- Abscess Incision and Drainage
- Advancement Flap Repair
- Anal Bulking
- Anal Tattooing
- Botulinum Toxin Injection
- Delorme’s Procedure
- ELAPE Procedure
- Femoral Hernia Repair
- HALO-RAR Procedure
- Inguinal Hernia Repair
- Intersphincteric APR
- Lateral Internal Sphincterotomy
- Low Anterior Resection
- Pelvic Organ Prolapse
- Perineal Rectosigmoidectomy
- Rectoanal Repair
- Rubber Band Ligation
- Stapled Haemorrhoidopexy
- Stoma Creation
- Stoma Reversal
- Transanal Rectocoele Repair
- Umbilical Hernia Repair
Botulinum Toxin Injection
Botulinum toxin (Botox) is a relatively new treatment for patients with an anal fissure, anismus, or chronic pelvic pain caused by levator ani syndrome. Widely known as a safe and effective cosmetic therapy, Botulinum toxin can be used to treat these conditions when conservative and medical therapies have failed.
In patients with an anal fissure, Botulinum toxin temporarily relaxes the anal sphincter muscles and improves the blood supply to the area, thereby improving pain and muscle spasms and allowing the fissure to heal. Successful healing occurs in roughly half the patients with anal fissure who receive this treatment.
Some patients with anismus benefit from an injection of Botulinum toxin into the puborectalis muscle. The first injection helps make the diagnosis. If this injection helps, a repeat injection is given. It is this repeat injection that gives long-term benefit.
In patients with chronic pelvic pain caused by levator ani syndrome, Botulinum toxin works by reducing muscle spasm and tenderness in the culprit pelvic floor muscles. The pain is caused by knots in multiple muscles, and it is believed that Botulinum toxin helps relax these knots and allow the muscles to function normally.
If you are having this injection for an anal fissure, here is a small risk (around 2.5%) of minor incontinence in the week following the injection, mainly in patients who already have weak anal muscles, but normal continence resumes when the effects of the injection wear off.
Botulinum toxin injection is done as an openprocedure. For anal fissure, it involves 1–2 injections into the internal anal sphincter muscle directly through the anal skin. If an anal fissure is found to have overlying scar tissue, this is removed at the same time to aid healing. For anismus, it involves 1–2 injections into the external anal sphincter muscle and a part of the pelvic floor called the puborectalis muscle directly through the anal skin. For chronic pelvic pain caused by levator ani syndrome, the procedure involves multiple injections into the pelvic floor muscles. The whole procedure takes approximately 15–30 minutes. You will have the opportunity to discuss fully all the risks and benefits of this procedure with me before signing your consent form.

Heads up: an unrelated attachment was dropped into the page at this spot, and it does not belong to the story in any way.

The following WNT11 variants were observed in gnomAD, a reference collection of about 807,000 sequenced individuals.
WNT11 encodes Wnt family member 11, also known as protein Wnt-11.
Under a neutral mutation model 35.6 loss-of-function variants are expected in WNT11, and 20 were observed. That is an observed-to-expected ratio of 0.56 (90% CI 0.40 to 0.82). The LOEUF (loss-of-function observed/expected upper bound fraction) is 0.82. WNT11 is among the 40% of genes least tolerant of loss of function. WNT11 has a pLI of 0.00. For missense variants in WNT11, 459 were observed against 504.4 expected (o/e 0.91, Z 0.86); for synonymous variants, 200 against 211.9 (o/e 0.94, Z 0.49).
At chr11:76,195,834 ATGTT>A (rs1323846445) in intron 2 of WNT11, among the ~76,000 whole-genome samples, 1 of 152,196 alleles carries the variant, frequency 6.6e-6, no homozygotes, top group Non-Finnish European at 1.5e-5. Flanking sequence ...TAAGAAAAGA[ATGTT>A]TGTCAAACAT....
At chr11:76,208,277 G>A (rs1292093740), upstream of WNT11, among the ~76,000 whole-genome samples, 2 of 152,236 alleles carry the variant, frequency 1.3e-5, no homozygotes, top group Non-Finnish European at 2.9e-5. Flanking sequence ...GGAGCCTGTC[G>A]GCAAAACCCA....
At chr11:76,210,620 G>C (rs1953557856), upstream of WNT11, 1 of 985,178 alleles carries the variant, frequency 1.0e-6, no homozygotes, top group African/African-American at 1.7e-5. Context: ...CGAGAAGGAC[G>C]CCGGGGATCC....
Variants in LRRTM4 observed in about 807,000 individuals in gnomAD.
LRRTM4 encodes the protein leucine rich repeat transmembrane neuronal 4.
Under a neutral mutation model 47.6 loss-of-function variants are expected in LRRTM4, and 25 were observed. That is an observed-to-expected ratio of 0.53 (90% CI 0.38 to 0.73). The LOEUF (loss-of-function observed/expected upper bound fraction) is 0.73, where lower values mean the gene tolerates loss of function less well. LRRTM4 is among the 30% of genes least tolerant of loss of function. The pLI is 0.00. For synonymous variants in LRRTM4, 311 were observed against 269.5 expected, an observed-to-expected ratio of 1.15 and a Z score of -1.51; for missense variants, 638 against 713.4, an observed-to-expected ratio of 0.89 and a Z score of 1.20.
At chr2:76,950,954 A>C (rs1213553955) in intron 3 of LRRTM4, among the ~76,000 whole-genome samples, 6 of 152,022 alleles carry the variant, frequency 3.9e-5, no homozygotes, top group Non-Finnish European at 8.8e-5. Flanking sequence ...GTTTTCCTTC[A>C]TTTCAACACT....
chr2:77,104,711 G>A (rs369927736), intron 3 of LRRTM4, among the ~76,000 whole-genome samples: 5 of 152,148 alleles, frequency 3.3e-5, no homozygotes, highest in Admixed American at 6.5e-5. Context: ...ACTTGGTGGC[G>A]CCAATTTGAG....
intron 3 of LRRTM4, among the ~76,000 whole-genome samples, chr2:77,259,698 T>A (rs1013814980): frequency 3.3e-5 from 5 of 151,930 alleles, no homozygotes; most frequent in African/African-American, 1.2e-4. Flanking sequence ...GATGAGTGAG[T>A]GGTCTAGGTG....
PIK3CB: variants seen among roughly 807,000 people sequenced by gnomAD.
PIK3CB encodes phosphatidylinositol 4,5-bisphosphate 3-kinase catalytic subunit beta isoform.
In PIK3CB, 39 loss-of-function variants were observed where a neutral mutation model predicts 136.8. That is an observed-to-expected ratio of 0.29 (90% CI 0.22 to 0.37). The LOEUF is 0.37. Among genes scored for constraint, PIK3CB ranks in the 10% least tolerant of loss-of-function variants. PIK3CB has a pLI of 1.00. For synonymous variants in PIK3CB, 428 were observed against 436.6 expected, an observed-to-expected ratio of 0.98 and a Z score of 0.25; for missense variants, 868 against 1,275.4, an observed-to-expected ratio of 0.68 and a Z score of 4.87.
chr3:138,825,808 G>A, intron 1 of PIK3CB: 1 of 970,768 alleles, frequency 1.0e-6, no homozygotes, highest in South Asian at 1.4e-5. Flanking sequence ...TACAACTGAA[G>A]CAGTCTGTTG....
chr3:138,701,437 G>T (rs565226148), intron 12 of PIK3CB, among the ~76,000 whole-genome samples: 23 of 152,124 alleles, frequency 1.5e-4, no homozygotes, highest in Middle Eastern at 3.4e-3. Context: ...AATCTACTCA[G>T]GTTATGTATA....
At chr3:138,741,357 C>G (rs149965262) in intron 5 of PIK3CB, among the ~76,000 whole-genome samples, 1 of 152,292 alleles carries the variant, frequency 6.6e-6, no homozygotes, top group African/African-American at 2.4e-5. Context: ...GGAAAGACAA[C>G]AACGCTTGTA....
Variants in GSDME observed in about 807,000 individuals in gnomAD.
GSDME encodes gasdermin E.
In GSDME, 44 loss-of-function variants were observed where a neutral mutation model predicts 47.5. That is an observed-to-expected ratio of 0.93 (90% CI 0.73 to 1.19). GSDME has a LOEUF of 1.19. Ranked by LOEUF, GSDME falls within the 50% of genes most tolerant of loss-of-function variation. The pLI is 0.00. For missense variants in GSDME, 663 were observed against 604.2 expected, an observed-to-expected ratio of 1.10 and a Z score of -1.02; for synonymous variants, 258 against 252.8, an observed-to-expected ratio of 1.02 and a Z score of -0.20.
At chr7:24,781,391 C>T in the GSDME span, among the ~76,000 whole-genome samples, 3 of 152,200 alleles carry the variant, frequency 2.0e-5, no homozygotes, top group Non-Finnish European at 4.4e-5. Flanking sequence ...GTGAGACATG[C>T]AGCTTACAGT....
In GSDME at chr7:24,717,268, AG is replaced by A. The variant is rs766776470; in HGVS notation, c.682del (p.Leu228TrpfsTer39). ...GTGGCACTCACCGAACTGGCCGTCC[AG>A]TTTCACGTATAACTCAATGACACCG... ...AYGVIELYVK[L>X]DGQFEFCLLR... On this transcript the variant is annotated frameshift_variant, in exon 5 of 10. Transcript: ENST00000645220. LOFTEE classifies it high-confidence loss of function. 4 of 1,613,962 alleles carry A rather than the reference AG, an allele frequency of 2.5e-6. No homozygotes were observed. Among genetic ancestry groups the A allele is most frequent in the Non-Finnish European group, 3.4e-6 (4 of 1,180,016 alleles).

Botulinum toxin injection is done as a day-stay procedure under general anaesthesia, where you will be asleep and feel no pain. You will need to fast from midnight on the night before if your surgery is scheduled for the morning, or from 7 am if it scheduled for the afternoon.
No special bowel preparation is necessary before your procedure unless you are also having a colonoscopy in the same sitting. You will receive an enema one hour or so before your surgery, unless you have a fissure that makes this too painful.
You will be given an injection of local anaesthetic before you leave the operating theatre to keep you pain-free in the 6 hours after your surgery. After the operation you will be transferred to the recovery area and then to the ward.
Botulinum toxin injection is only painful in patients with an anal fissure where scar tissue needs to be removed from the fissure site. This will become apparent after the procedure when your local anaesthetic wears off, and will get better, but may take up to 2–4 weeks to resolve completely.
You should be able to go home the same day, but sometimes patients may need to stay longer. You should not drive after your surgery, so a friend or relative will need to take you home.
It is important to keep your bowel movements soft and regular while you are recovering from this procedure. To prevent constipation, eat foods high in fibre, and drink plenty of water (6–8 glasses a day). Analgesia and laxatives will be given to you to take home. It is best to keep up with these until your bowels are moving and any discomfort is manageable. Laxatives may need to be continued for up to 4 weeks after surgery.
You can expect minor bleeding after your procedure. A sanitary towel changed twice daily will help to prevent staining of underwear. Generally, use water to wash the anus twice a day and after every bowel movement.
Exactly when patients can resume driving after this procedure is determined on a case-by-case basis and will be discussed with you after your surgery. This is normally 1–2 weeks. Please let your insurance company know when you have been given the all-clear to resume driving.
Patients are usually able to return to normal activities as pain allows after Botulinum toxin injection, including going back to work. Just like when it is used to smooth out wrinkles in cosmetic surgery, the beneficial effects of the injection start to appear 1–2 weeks after the procedure, with full effects often felt at 6 weeks.
A follow-up appointment in the clinic will be arranged for 1–2 weeks after your surgery to check your wound and discuss further management if necessary.